1. ## Derivatives#2

y=(1+x^2)tan^-1(2x)
Yet again I am stuck on this one. I am studying for a test next week. I am not sure where to even start on this. Can someone work this one complete?
Thanks,
Caleb

2. Here's a hint: by the Product Rule,

$\displaystyle \frac{dy}{dx}=2x\cdot\tan^{-1}(2x)+(1+x^2)\cdot\frac{d}{dx}\tan^{-1}(2x)\cdot 2,$

and the derivative of $\displaystyle \tan^{-1}x$ is $\displaystyle \frac{1}{1+x^2}$.

3. I take it the problem is:

$\displaystyle y= [1+x^{2}] * [ \arctan 2x]$?

Use the product rule.

Hint: the derivative of $\displaystyle arctan(u)$ is $\displaystyle \frac {u'}{1+u^{2}}$

4. Ahhh,
Yes it is arctan.
Thanks Guys for all of your help. I am just not understanding derivatives at all, and you guys have been very helpful in me trying to learn them!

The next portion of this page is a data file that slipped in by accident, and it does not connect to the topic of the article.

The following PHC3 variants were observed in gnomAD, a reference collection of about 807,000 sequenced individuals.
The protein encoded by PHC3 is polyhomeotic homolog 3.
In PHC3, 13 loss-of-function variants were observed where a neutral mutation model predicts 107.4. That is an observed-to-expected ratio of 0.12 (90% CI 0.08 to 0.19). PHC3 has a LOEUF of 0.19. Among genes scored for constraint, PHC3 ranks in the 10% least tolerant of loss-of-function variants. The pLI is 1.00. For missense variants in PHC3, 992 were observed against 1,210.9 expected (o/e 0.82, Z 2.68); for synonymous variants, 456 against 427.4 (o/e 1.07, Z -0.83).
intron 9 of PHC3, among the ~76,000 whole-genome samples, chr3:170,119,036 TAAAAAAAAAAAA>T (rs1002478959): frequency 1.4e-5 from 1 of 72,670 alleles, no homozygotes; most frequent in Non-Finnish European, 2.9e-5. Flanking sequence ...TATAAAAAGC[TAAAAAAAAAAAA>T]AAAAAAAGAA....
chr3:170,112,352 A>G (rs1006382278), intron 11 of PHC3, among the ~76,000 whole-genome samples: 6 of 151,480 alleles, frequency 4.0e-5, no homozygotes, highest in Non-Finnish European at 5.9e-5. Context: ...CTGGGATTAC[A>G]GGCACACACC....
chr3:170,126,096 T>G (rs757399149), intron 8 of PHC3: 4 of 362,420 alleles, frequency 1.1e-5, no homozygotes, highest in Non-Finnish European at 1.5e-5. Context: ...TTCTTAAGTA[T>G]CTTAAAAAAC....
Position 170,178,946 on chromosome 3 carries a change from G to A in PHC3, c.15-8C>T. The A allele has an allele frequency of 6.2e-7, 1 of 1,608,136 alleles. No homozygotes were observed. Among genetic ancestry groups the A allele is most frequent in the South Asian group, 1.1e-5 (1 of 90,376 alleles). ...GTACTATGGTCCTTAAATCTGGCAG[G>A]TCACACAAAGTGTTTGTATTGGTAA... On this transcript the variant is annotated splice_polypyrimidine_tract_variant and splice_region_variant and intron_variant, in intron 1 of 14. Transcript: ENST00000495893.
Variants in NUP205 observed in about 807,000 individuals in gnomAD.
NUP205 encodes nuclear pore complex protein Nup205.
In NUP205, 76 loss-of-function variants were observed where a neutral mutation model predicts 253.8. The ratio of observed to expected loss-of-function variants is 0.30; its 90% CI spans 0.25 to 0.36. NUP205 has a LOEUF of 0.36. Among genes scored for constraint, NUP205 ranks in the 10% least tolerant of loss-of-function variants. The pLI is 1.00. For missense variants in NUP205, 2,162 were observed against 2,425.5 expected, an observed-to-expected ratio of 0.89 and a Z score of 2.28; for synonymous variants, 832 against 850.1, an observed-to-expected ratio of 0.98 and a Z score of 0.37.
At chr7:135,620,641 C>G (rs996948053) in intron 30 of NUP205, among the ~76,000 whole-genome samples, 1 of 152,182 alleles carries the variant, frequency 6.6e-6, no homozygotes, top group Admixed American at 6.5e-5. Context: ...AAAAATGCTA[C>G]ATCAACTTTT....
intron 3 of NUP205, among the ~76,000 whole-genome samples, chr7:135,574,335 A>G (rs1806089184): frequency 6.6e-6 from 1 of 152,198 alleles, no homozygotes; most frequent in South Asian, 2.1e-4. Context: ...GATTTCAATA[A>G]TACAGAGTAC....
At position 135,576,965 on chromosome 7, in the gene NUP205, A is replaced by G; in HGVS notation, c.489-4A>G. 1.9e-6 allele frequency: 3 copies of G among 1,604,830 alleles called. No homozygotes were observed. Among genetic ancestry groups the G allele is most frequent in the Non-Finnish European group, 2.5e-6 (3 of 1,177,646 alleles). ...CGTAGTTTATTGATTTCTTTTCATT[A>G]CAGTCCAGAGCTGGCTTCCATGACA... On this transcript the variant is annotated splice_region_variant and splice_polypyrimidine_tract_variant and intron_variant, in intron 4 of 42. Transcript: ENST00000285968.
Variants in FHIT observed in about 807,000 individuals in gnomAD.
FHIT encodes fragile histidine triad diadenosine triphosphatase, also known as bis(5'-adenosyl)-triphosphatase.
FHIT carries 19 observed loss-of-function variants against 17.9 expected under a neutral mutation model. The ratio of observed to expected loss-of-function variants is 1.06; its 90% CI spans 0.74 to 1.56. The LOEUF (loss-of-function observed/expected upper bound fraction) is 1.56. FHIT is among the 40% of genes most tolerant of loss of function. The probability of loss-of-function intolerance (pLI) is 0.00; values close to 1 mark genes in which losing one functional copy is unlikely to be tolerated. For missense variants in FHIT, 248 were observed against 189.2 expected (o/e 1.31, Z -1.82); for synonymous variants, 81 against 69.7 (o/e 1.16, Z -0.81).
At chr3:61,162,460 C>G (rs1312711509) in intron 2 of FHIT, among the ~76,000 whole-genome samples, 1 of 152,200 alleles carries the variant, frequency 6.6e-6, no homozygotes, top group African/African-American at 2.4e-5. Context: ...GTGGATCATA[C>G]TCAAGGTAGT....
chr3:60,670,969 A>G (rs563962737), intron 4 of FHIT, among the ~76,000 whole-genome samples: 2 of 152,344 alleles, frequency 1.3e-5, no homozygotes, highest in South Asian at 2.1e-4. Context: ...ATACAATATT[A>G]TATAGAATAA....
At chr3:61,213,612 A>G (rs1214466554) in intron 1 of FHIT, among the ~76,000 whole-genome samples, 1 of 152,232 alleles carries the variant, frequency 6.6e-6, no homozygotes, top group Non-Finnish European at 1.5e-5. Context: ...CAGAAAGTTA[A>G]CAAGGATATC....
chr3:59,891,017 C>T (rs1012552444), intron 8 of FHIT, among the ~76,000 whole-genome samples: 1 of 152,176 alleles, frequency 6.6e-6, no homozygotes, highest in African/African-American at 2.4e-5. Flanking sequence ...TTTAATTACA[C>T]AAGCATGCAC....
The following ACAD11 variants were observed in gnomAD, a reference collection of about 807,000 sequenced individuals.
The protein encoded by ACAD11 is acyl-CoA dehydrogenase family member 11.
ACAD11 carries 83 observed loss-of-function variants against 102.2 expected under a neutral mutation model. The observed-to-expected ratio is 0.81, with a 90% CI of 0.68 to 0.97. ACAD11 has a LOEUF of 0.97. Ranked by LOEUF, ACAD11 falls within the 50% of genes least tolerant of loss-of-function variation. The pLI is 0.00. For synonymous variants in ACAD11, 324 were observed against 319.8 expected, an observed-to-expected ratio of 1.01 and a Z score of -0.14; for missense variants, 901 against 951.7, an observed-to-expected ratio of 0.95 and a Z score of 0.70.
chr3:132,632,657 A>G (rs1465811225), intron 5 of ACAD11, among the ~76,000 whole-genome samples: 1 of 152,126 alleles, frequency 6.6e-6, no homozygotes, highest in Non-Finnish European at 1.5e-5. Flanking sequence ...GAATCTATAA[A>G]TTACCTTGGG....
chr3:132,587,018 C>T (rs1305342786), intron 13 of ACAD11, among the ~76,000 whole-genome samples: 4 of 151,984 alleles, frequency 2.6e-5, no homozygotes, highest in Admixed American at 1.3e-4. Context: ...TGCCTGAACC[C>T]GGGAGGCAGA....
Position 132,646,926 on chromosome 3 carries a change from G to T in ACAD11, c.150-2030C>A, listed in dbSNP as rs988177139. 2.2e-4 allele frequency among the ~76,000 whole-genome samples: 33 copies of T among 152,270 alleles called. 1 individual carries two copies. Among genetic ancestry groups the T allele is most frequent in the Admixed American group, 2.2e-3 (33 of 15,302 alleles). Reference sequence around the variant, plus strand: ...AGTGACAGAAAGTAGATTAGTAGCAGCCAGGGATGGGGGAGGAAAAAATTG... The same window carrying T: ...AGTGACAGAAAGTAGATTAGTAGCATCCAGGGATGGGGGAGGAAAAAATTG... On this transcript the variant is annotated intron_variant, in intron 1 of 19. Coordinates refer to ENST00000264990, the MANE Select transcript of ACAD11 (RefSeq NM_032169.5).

5. Like anything, they get easier with practice.

6. I scanned this particular problem, since I didnt know how to type it in. Any help on it?

7. Since $\displaystyle y= ln (x^{n})$ = $\displaystyle n \ln (x)$, then:

$\displaystyle \ln [\frac {3x+2}{3x-2}]^{ \frac {1}{3}}$ = $\displaystyle y= \frac {1}{3} \ln \frac {3x+2}{3x-2}$

Since you are dividing, break it up into two natural logarithms.

$\displaystyle y= \ln \frac {a}{b}$ = $\displaystyle \ln a - \ln b$

Does that help? Just use the rules of logarithms to simply so that you can find the derivative.

Hint:
if $\displaystyle y= \ln u$, then $\displaystyle y'= (\frac {1}{u}) \frac {du}{dx}$